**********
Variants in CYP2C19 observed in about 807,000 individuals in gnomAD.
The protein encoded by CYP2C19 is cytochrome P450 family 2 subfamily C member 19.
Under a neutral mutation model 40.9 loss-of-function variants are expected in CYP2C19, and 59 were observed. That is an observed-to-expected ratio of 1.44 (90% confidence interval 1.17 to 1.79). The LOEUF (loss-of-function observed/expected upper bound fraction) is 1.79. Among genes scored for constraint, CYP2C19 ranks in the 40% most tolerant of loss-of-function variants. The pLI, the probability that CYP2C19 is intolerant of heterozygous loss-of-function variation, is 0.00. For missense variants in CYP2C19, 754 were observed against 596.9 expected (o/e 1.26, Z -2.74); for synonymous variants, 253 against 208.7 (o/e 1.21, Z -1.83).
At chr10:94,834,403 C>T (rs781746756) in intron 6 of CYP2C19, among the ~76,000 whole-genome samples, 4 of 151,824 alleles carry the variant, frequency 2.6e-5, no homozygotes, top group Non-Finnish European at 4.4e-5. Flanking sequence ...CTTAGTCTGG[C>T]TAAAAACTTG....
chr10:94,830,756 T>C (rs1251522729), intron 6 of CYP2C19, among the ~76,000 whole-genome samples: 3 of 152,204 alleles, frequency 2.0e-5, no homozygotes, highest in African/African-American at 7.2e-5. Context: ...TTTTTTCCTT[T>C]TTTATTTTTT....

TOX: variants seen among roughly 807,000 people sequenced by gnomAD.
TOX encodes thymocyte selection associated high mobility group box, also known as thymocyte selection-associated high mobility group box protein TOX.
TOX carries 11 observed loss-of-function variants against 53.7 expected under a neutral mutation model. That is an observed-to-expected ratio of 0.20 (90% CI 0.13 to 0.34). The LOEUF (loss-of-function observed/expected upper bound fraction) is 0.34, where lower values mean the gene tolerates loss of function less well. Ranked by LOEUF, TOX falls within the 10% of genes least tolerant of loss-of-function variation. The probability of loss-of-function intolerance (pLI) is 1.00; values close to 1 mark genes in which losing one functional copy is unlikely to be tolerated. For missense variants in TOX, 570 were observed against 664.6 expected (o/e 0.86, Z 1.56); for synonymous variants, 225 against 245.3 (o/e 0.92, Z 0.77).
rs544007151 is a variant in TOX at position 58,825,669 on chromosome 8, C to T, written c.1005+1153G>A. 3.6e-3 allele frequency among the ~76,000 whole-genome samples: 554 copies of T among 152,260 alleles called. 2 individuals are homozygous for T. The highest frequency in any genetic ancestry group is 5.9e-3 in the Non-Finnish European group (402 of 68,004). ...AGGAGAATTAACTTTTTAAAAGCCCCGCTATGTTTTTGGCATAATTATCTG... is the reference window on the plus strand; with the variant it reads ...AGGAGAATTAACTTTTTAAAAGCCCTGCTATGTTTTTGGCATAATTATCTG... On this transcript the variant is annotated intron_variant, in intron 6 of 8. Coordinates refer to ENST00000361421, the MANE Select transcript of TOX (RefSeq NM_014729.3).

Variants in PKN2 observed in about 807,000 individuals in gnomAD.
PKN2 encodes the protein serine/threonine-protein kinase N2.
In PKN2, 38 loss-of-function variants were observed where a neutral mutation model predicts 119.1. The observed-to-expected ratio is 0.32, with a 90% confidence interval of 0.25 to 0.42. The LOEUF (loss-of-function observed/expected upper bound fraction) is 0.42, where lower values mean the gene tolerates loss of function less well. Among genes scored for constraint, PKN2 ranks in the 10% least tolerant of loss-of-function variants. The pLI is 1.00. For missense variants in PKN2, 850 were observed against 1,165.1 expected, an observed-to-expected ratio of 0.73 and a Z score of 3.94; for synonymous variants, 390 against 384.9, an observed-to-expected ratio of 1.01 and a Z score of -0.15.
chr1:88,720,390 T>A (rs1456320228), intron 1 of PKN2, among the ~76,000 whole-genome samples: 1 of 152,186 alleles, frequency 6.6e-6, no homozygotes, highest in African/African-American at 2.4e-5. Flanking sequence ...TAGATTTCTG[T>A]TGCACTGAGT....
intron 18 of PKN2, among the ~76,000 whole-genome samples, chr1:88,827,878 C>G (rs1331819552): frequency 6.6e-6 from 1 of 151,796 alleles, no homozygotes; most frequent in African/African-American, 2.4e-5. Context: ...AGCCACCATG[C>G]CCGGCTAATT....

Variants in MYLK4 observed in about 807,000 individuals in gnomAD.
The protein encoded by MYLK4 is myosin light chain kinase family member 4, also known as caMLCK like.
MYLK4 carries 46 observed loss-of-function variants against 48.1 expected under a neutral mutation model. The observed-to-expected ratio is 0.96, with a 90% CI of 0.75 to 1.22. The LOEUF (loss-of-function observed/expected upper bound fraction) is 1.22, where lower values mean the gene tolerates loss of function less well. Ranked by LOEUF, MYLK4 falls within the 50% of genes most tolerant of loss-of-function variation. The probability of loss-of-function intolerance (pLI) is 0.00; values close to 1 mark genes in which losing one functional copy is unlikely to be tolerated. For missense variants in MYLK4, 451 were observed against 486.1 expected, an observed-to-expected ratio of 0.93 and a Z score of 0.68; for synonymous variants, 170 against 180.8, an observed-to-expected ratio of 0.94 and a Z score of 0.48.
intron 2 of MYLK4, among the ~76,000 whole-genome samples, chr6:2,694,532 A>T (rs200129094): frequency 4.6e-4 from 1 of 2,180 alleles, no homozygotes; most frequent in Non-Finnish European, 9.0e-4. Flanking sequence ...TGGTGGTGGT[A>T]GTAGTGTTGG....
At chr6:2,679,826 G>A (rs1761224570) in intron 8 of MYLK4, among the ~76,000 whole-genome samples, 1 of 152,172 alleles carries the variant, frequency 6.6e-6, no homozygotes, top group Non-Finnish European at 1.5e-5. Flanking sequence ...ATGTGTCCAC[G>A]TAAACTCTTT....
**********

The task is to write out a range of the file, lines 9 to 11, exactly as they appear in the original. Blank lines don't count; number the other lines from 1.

rs544007151 is a variant in TOX at position 58,825,669 on chromosome 8, C to T, written c.1005+1153G>A. 3.6e-3 allele frequency among the ~76,000 whole-genome samples: 554 copies of T among 152,260 alleles called. 2 individuals are homozygous for T. The highest frequency in any genetic ancestry group is 5.9e-3 in the Non-Finnish European group (402 of 68,004). ...AGGAGAATTAACTTTTTAAAAGCCCCGCTATGTTTTTGGCATAATTATCTG... is the reference window on the plus strand; with the variant it reads ...AGGAGAATTAACTTTTTAAAAGCCCTGCTATGTTTTTGGCATAATTATCTG... On this transcript the variant is annotated intron_variant, in intron 6 of 8. Coordinates refer to ENST00000361421, the MANE Select transcript of TOX (RefSeq NM_014729.3).

Variants in PKN2 observed in about 807,000 individuals in gnomAD.
PKN2 encodes the protein serine/threonine-protein kinase N2.